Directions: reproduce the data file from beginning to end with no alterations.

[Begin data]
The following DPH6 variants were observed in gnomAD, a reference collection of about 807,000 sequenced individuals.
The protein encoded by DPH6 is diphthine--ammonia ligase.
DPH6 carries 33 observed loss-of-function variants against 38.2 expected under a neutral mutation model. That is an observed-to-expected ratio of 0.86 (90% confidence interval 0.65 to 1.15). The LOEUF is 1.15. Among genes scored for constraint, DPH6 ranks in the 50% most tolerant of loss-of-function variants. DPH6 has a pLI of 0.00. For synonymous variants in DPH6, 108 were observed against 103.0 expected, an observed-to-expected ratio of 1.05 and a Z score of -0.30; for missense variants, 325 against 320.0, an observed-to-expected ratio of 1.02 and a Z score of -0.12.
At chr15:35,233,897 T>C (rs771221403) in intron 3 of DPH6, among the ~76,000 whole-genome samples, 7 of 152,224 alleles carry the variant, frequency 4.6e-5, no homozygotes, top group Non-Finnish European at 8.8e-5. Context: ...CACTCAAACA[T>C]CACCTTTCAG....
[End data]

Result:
The following DPH6 variants were observed in gnomAD, a reference collection of about 807,000 sequenced individuals.
The protein encoded by DPH6 is diphthine--ammonia ligase.
DPH6 carries 33 observed loss-of-function variants against 38.2 expected under a neutral mutation model. That is an observed-to-expected ratio of 0.86 (90% confidence interval 0.65 to 1.15). The LOEUF is 1.15. Among genes scored for constraint, DPH6 ranks in the 50% most tolerant of loss-of-function variants. DPH6 has a pLI of 0.00. For synonymous variants in DPH6, 108 were observed against 103.0 expected, an observed-to-expected ratio of 1.05 and a Z score of -0.30; for missense variants, 325 against 320.0, an observed-to-expected ratio of 1.02 and a Z score of -0.12.
At chr15:35,233,897 T>C (rs771221403) in intron 3 of DPH6, among the ~76,000 whole-genome samples, 7 of 152,224 alleles carry the variant, frequency 4.6e-5, no homozygotes, top group Non-Finnish European at 8.8e-5. Context: ...CACTCAAACA[T>C]CACCTTTCAG....